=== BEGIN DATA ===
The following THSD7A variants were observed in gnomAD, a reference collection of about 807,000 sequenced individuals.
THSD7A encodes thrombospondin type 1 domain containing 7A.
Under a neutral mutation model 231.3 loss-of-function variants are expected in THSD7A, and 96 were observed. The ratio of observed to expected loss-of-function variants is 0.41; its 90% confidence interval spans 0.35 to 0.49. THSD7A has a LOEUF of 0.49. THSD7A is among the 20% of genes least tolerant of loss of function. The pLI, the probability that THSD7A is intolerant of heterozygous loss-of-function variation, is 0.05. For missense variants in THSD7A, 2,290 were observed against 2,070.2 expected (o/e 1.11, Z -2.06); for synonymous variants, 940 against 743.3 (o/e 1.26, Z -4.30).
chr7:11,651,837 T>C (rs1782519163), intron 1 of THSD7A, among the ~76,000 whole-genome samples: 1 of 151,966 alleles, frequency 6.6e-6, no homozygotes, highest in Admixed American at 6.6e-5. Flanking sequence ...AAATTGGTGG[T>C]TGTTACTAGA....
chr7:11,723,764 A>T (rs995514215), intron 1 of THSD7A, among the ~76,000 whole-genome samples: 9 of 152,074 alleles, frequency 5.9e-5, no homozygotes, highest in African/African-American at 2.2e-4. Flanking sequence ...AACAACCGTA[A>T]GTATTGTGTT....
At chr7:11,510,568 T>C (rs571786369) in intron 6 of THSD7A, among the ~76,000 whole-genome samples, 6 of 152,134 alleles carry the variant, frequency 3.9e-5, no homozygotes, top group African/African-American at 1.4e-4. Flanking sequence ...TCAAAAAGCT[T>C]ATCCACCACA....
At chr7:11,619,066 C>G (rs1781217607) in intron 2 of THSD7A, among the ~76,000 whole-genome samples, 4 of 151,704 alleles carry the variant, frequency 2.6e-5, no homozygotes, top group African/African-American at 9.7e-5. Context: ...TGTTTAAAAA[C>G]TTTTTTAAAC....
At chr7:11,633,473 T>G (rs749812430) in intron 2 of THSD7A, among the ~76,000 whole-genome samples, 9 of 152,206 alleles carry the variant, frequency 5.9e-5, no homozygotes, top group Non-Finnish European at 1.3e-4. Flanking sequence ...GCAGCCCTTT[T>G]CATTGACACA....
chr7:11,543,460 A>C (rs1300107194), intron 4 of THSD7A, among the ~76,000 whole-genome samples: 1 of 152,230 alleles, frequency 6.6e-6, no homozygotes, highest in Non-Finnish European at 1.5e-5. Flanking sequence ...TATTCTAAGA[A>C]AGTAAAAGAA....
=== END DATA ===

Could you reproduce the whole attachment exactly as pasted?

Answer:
The following THSD7A variants were observed in gnomAD, a reference collection of about 807,000 sequenced individuals.
THSD7A encodes thrombospondin type 1 domain containing 7A.
Under a neutral mutation model 231.3 loss-of-function variants are expected in THSD7A, and 96 were observed. The ratio of observed to expected loss-of-function variants is 0.41; its 90% confidence interval spans 0.35 to 0.49. THSD7A has a LOEUF of 0.49. THSD7A is among the 20% of genes least tolerant of loss of function. The pLI, the probability that THSD7A is intolerant of heterozygous loss-of-function variation, is 0.05. For missense variants in THSD7A, 2,290 were observed against 2,070.2 expected (o/e 1.11, Z -2.06); for synonymous variants, 940 against 743.3 (o/e 1.26, Z -4.30).
chr7:11,651,837 T>C (rs1782519163), intron 1 of THSD7A, among the ~76,000 whole-genome samples: 1 of 151,966 alleles, frequency 6.6e-6, no homozygotes, highest in Admixed American at 6.6e-5. Flanking sequence ...AAATTGGTGG[T>C]TGTTACTAGA....
chr7:11,723,764 A>T (rs995514215), intron 1 of THSD7A, among the ~76,000 whole-genome samples: 9 of 152,074 alleles, frequency 5.9e-5, no homozygotes, highest in African/African-American at 2.2e-4. Flanking sequence ...AACAACCGTA[A>T]GTATTGTGTT....
At chr7:11,510,568 T>C (rs571786369) in intron 6 of THSD7A, among the ~76,000 whole-genome samples, 6 of 152,134 alleles carry the variant, frequency 3.9e-5, no homozygotes, top group African/African-American at 1.4e-4. Flanking sequence ...TCAAAAAGCT[T>C]ATCCACCACA....
At chr7:11,619,066 C>G (rs1781217607) in intron 2 of THSD7A, among the ~76,000 whole-genome samples, 4 of 151,704 alleles carry the variant, frequency 2.6e-5, no homozygotes, top group African/African-American at 9.7e-5. Context: ...TGTTTAAAAA[C>G]TTTTTTAAAC....
At chr7:11,633,473 T>G (rs749812430) in intron 2 of THSD7A, among the ~76,000 whole-genome samples, 9 of 152,206 alleles carry the variant, frequency 5.9e-5, no homozygotes, top group Non-Finnish European at 1.3e-4. Flanking sequence ...GCAGCCCTTT[T>G]CATTGACACA....
chr7:11,543,460 A>C (rs1300107194), intron 4 of THSD7A, among the ~76,000 whole-genome samples: 1 of 152,230 alleles, frequency 6.6e-6, no homozygotes, highest in Non-Finnish European at 1.5e-5. Flanking sequence ...TATTCTAAGA[A>C]AGTAAAAGAA....